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Reverend and Worthy Promoters of the feveral
Charity-Schools in Great Britain and Ireland.


HE tender Regard, which You have always fhew'd, and ftill continue, for the Salvation of Souls, is eminently discovered in Your Care for the Education of Children.

To You it is, that the poorer Sort of People. owe their Obedience, and indeed these Kingdoms their Thankfulness, for Your endeavouring to rescue many poor Creatures from the Slavery of Sin and Satan.


Thus, GENTLEMEN, it is Your Happiness, that You are at the fame time promoting the Glory of GOD, by Your careful Undertaking to fave thefe little Ones from utter Deftruction.

Your Preference of the Proteftant Religion is herein gloriously discovered by thofe Principles of that best constituted Church, as profeffed in the Church of England, which You caufe to be taught, and ingrafted in the tender Age of Your Pupils. Therefore,


Go on, WORTHY SIRS, with Your wonted Zeal for the Glory of GOD, and the Public Good of thefe Nations, united, in the true Faith of CHRIST and that Your pious Endeavours may always obtain their defired Succefs, and 2ou that Reward which is promifed to thofe that convert a Sinner from the Evil of his Way, is the earnest and dearty Prayer of,


June 14. 1740.


Your most obedient, and humble Servant,




T has been a general and true Obfervation, that with the Reformation of thefe Realms, Ignorance has gradually vanished at the increase of Learning amongst us, who take the Word of God for a Lantern to our Feet, and a Light to our Paths. Thus,

They who grop'd their Way to Virtue and Knowledge in the Days of Darkness and implicit Zeal, were taught little more than to mumble over a few Prayers by Heart, and never called upon to read, much less permitted to enquire into the Truth of what they profeffed. But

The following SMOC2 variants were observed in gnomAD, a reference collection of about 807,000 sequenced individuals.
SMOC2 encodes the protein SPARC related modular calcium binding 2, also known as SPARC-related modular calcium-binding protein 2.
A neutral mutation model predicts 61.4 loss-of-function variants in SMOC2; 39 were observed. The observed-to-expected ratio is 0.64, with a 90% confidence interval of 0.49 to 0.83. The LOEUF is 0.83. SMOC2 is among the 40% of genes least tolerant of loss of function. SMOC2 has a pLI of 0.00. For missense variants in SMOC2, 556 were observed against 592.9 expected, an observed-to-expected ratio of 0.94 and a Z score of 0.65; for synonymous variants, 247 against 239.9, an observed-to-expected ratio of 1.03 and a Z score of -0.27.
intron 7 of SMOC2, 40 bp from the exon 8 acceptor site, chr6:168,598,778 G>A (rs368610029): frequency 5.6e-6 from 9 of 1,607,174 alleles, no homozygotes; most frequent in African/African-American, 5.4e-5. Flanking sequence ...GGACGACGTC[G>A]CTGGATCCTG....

Since the Sunfixe of the Gospel of Jesus Christ has rifen amongst us fince we are loofed from the Bands of Ignorance and Superftition'; fince every Proteftant believes it to be his: Duty to promote Chriftian Knowledge; certainly it will be confeffed, that all Improvements in Learning ought to be incouraged; and confequently that they deferve our particular Regard, who study to make the first Steps thereof firm and eafy. For bu man Prudence teacheth, That a good Beginning is the most reafonable Profpect of a good Ending. Therefore,

As we boast of greater Advantages than our Forefathers, let us take care, left we frustrate that great Work begun amongst us, by a negligent Profecution of our Duty: For I would have you well affured, that it is as bad to learn the first Rudiments of Literature under wrong and depraved Habits, as not to learn them at all. For, the Man feldom clears himself of thofe ill Faculties, which he contracted in his tender Age: So, fays Solomon, Train up a Child in the Way he fhould go, and when he is old he will not depart from it. And,

As all Learning gradually afcends from the first Knowledge and use of Letters, Syllables and Words, what better Work: can the Inftructor of Youth undertake, than endeavour to pro-.


pagate the Knowledge, prevent and rectify the Miftakes, and root out the ill Habits contracted by many in a wrong Method, or thro' the Ignorance or neglect of the Teacher. Therefore,

As to Letters, we are to obferve that they are the Foundation of all Learning, as being thofe Parts of which all Syllables, Words, Sentences and Speeches are compofed. As to their Shape or Form, thofe commonly used in the English, Latin, German, French, Spanish, Portugueze and Italian Languages, are defcribed in the firft Page of this Book. As to their Number, in English they are Twenty-fix. As to their Divifion, they are naturally divided into Vowels and Confonants and again into fingle and double Letters.